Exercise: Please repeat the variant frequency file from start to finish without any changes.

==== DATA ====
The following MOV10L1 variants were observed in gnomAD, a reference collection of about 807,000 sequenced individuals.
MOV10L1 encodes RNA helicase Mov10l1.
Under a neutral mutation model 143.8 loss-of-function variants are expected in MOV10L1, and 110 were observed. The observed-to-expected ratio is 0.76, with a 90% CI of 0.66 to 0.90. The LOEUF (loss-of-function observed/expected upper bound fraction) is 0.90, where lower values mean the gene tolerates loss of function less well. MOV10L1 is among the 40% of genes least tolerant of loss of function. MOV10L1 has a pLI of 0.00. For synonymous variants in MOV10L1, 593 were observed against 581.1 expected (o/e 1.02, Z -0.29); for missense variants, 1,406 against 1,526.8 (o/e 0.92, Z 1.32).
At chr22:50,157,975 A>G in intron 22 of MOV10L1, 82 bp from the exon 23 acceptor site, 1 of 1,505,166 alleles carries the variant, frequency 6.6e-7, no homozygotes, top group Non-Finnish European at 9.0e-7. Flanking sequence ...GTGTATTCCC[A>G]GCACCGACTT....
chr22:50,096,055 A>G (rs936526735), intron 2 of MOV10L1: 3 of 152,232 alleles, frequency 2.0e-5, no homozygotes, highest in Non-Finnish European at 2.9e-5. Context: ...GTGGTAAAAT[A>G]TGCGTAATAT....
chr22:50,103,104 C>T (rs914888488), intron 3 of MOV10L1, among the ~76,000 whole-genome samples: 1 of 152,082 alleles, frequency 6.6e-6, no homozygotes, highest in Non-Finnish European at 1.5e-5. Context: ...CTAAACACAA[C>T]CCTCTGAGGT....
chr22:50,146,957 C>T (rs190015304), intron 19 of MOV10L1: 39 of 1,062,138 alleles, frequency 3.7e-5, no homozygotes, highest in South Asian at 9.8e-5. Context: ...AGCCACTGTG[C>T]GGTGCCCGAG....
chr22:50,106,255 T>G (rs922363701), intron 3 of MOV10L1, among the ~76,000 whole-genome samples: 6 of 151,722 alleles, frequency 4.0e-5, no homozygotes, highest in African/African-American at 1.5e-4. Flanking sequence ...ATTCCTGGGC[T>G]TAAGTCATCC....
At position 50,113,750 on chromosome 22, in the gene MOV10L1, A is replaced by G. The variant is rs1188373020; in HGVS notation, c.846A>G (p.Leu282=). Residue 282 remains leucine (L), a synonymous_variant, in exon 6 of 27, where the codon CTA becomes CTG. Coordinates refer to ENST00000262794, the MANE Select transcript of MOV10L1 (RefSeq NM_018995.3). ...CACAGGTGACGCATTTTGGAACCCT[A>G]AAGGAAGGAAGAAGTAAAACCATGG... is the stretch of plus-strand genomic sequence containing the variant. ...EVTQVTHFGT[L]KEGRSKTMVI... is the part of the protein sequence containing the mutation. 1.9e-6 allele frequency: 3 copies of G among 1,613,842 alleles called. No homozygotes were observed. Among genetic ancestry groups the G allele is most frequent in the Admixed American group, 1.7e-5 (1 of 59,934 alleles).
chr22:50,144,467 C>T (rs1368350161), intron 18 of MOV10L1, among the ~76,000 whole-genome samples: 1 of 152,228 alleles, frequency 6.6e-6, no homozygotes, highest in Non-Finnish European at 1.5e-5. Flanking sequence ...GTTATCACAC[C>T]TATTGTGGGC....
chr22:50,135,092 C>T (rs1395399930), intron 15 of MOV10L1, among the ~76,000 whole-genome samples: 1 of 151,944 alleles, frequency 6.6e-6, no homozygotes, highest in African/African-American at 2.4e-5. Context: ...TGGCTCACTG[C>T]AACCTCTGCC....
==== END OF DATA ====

The following MOV10L1 variants were observed in gnomAD, a reference collection of about 807,000 sequenced individuals.
MOV10L1 encodes RNA helicase Mov10l1.
Under a neutral mutation model 143.8 loss-of-function variants are expected in MOV10L1, and 110 were observed. The observed-to-expected ratio is 0.76, with a 90% CI of 0.66 to 0.90. The LOEUF (loss-of-function observed/expected upper bound fraction) is 0.90, where lower values mean the gene tolerates loss of function less well. MOV10L1 is among the 40% of genes least tolerant of loss of function. MOV10L1 has a pLI of 0.00. For synonymous variants in MOV10L1, 593 were observed against 581.1 expected (o/e 1.02, Z -0.29); for missense variants, 1,406 against 1,526.8 (o/e 0.92, Z 1.32).
At chr22:50,157,975 A>G in intron 22 of MOV10L1, 82 bp from the exon 23 acceptor site, 1 of 1,505,166 alleles carries the variant, frequency 6.6e-7, no homozygotes, top group Non-Finnish European at 9.0e-7. Flanking sequence ...GTGTATTCCC[A>G]GCACCGACTT....
chr22:50,096,055 A>G (rs936526735), intron 2 of MOV10L1: 3 of 152,232 alleles, frequency 2.0e-5, no homozygotes, highest in Non-Finnish European at 2.9e-5. Context: ...GTGGTAAAAT[A>G]TGCGTAATAT....
chr22:50,103,104 C>T (rs914888488), intron 3 of MOV10L1, among the ~76,000 whole-genome samples: 1 of 152,082 alleles, frequency 6.6e-6, no homozygotes, highest in Non-Finnish European at 1.5e-5. Context: ...CTAAACACAA[C>T]CCTCTGAGGT....
chr22:50,146,957 C>T (rs190015304), intron 19 of MOV10L1: 39 of 1,062,138 alleles, frequency 3.7e-5, no homozygotes, highest in South Asian at 9.8e-5. Context: ...AGCCACTGTG[C>T]GGTGCCCGAG....
chr22:50,106,255 T>G (rs922363701), intron 3 of MOV10L1, among the ~76,000 whole-genome samples: 6 of 151,722 alleles, frequency 4.0e-5, no homozygotes, highest in African/African-American at 1.5e-4. Flanking sequence ...ATTCCTGGGC[T>G]TAAGTCATCC....
At position 50,113,750 on chromosome 22, in the gene MOV10L1, A is replaced by G. The variant is rs1188373020; in HGVS notation, c.846A>G (p.Leu282=). Residue 282 remains leucine (L), a synonymous_variant, in exon 6 of 27, where the codon CTA becomes CTG. Coordinates refer to ENST00000262794, the MANE Select transcript of MOV10L1 (RefSeq NM_018995.3). ...CACAGGTGACGCATTTTGGAACCCT[A>G]AAGGAAGGAAGAAGTAAAACCATGG... is the stretch of plus-strand genomic sequence containing the variant. ...EVTQVTHFGT[L]KEGRSKTMVI... is the part of the protein sequence containing the mutation. 1.9e-6 allele frequency: 3 copies of G among 1,613,842 alleles called. No homozygotes were observed. Among genetic ancestry groups the G allele is most frequent in the Admixed American group, 1.7e-5 (1 of 59,934 alleles).
chr22:50,144,467 C>T (rs1368350161), intron 18 of MOV10L1, among the ~76,000 whole-genome samples: 1 of 152,228 alleles, frequency 6.6e-6, no homozygotes, highest in Non-Finnish European at 1.5e-5. Flanking sequence ...GTTATCACAC[C>T]TATTGTGGGC....
chr22:50,135,092 C>T (rs1395399930), intron 15 of MOV10L1, among the ~76,000 whole-genome samples: 1 of 151,944 alleles, frequency 6.6e-6, no homozygotes, highest in African/African-American at 2.4e-5. Context: ...TGGCTCACTG[C>T]AACCTCTGCC....